Episode 61.2: Cinema Immersion Tank #18- Disney's FROZEN  

One of the most successful films not just for Disney (actually it's their top-grossing non-Pixar movie not counting inflation but whatever), but of all time, FROZEN is still looked at as the 'how the heck did THAT happen?' It's kind of a miracle the film turns out the way it does, as a crowd-pleaser about sisters and love as an open door and trolls that sing songs while a comic relief snowman looks on. It's madness, I tell you! And yet.... does it make *sense*? Andrew dived so deep into Frozen for this Cinema Immersion Tank episode you may be surprised just how... no, no, those aren't tears forming, you're not going to make us cry, not now... darn it! Used for fair-use purposes: Songs: "Do You Want to Build a Snowman?" and "Let it Go" by Kristen Anderson-Lopez and Robert Lopez; Score selections by Christophe Beck


WELCOME BACK!! We open with a response to a listener question on our facebook page! (check for the full question). Next, Jack asks what is up with (the brilliant) Tony Zhou and his critique of Marvel's cinematic movie scores. Andrew brings up a video too - about HR Giger and the Alien design. And then Jack discusses two films that served a double feature he dubbed "Wombhouse" (When the Bough Breaks and The Light Between Oceans, both from 2016). References:

Episode 60.3: ALL HAIL THE MARX BROTHERS! (Pt. 2)  

We now continue with our regular scheduled Porpoise... Sorry, what, oh, Purpose, but the Porpoise can stay too. So what happened when the Marx brothers went to MGM via the figurehead Irving J Thalberg? A little known comedy called A Night at the Opera came to be, and then A Day at the Races. Then Thalberg died. What were the brothers to do? Do you sense we have too many questions going on here? Jack and Andrew continue and conclude their discussion on the oeuvre of Julius, Leonard and Adolph (or, sorry, Groucho, Chico and Harpo) in their eight films after Duck Soup. Get ready to sing, dance, get shot out of a canon or fall out of a plane, whichever you prefer! And Jack has some trivia for you all as well, including what happened to the Marx brothers when they were made to wait for Thalberg. You won't want to miss it! Films discussed: 1) A NIGHT AT THE OPERA (1935) 2) A DAY AT THE RACES (1937) 3) ROOM SERVICE (1938) 4) AT THE CIRCUS (1939) 5) GO WEST (1940) 6) THE BIG STORE (1941) 7) A NIGHT IN CASABLANCA (1946) 8) LOVE HAPPY (1949) (clips from A DAY AT THE RACES, AT THE CIRCUS and A NIGHT IN CASABLANCA)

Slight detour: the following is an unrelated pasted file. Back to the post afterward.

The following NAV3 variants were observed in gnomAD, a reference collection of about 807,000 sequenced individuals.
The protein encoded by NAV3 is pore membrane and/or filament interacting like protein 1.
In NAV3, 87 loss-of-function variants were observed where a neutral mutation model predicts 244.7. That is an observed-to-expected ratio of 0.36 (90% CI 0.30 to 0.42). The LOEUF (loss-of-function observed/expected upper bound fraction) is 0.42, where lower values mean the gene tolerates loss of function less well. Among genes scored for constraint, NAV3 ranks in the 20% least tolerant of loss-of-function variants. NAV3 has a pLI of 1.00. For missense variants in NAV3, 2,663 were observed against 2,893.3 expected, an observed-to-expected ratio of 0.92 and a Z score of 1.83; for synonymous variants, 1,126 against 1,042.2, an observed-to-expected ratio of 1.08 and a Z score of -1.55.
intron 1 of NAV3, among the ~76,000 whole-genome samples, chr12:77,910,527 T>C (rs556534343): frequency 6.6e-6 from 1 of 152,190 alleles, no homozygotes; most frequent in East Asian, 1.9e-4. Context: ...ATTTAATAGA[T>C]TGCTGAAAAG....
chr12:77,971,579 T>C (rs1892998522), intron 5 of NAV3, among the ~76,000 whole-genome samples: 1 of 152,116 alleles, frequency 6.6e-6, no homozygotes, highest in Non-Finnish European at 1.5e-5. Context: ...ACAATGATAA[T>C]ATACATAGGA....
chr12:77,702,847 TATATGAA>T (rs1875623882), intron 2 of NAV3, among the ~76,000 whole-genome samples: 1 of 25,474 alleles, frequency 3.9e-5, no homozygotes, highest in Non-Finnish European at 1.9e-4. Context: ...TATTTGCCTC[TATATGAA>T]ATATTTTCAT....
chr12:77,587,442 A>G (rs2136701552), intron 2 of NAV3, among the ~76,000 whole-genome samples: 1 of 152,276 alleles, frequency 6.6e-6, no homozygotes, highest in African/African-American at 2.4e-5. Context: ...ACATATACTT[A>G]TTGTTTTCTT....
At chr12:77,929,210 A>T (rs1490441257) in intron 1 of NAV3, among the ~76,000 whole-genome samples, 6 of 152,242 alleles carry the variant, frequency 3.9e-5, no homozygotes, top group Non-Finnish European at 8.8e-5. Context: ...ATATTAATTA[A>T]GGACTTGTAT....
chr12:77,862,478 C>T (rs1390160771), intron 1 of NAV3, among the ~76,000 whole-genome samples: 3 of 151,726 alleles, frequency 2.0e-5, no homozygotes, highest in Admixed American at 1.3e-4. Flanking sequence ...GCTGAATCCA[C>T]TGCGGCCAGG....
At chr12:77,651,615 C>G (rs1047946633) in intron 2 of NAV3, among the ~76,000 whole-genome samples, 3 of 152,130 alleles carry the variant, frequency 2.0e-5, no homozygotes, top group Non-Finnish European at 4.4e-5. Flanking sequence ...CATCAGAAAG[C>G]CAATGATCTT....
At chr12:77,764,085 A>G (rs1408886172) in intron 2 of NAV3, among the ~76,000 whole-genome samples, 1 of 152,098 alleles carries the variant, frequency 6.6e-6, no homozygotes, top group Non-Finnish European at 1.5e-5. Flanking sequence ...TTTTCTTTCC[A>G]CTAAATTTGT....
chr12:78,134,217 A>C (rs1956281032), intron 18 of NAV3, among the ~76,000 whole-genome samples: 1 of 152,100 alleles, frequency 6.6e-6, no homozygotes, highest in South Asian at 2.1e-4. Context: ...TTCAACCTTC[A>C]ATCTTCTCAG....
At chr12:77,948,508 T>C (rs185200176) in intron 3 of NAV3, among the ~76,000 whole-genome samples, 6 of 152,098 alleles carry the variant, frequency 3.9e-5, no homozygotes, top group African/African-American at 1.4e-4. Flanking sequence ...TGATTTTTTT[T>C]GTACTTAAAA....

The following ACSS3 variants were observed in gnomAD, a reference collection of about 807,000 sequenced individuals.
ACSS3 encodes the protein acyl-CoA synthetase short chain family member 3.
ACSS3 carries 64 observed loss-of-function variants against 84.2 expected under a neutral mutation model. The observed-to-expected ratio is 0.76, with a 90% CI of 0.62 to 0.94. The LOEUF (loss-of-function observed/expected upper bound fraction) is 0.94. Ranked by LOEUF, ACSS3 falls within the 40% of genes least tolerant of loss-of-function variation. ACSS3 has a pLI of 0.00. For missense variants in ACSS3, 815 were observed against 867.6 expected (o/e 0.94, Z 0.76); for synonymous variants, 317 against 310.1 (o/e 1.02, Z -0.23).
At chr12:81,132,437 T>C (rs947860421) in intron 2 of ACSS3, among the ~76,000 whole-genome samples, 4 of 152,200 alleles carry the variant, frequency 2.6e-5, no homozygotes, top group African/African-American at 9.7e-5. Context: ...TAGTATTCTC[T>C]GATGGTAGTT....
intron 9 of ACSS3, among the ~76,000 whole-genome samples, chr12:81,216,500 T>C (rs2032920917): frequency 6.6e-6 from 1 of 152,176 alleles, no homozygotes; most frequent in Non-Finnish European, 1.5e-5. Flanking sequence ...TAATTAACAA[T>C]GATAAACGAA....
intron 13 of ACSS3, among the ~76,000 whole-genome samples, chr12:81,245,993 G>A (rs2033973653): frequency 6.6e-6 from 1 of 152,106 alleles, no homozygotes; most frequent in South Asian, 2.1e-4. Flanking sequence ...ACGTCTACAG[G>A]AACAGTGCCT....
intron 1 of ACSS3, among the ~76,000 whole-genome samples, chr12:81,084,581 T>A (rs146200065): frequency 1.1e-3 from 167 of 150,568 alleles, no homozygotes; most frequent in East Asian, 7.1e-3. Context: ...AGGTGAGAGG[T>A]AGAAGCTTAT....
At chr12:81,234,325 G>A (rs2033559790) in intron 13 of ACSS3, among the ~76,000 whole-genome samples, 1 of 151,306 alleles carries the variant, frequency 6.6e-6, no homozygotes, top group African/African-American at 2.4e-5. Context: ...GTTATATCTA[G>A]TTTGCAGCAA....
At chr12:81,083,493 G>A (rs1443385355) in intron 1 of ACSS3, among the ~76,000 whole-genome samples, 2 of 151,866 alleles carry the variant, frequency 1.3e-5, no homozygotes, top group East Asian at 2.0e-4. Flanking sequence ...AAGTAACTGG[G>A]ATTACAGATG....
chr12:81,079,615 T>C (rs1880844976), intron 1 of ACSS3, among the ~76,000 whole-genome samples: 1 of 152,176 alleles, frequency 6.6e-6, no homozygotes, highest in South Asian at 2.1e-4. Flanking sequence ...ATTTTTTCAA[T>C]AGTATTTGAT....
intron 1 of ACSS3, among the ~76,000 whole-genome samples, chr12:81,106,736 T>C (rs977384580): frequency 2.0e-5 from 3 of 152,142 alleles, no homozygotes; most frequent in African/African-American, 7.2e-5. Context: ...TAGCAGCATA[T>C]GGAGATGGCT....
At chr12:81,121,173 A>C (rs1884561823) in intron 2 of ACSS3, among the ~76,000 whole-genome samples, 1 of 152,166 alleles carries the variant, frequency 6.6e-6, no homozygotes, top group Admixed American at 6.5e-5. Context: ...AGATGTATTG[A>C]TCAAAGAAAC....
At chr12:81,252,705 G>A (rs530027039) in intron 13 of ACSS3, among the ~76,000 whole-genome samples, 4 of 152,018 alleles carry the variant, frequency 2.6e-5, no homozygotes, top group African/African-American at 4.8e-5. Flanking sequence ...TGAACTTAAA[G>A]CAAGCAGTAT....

Episode 60.2: Cinema Immersion Tank #17- WINCHESTER '73  

In the West, a gun was about as necessary as having a Western-Cowboy hat, or spurs, or whatever those things are on the edge of a belt, what are they called... oh yeah, holsters. In 1950, Anthony Mann, from a story by Stuart N Lake, made one of the essential Western films that has as its focus not necessarily one character (though it's filled with tired heroes, unapologetic villains, and a tough dame, not to mention Wyatt Earp, Sioux Indians, and shoot-outs and bank robberies and a whole ball of Western Wax), but a rifle - the Winchester '73. Why is it so? Jack watched it so many times that he dreamt Jimmy Stewart saving him from impossible perils! Ok, maybe that last part's a stretch. But he went into the Tank and got this episode for you to find out why it matters still over half a century on. (clips from the Winchester 73 trailer)

Episode 60.1: YOGA HOSERS (reactions) - DON'T BREATHE - DE PALMA - THE MERMAID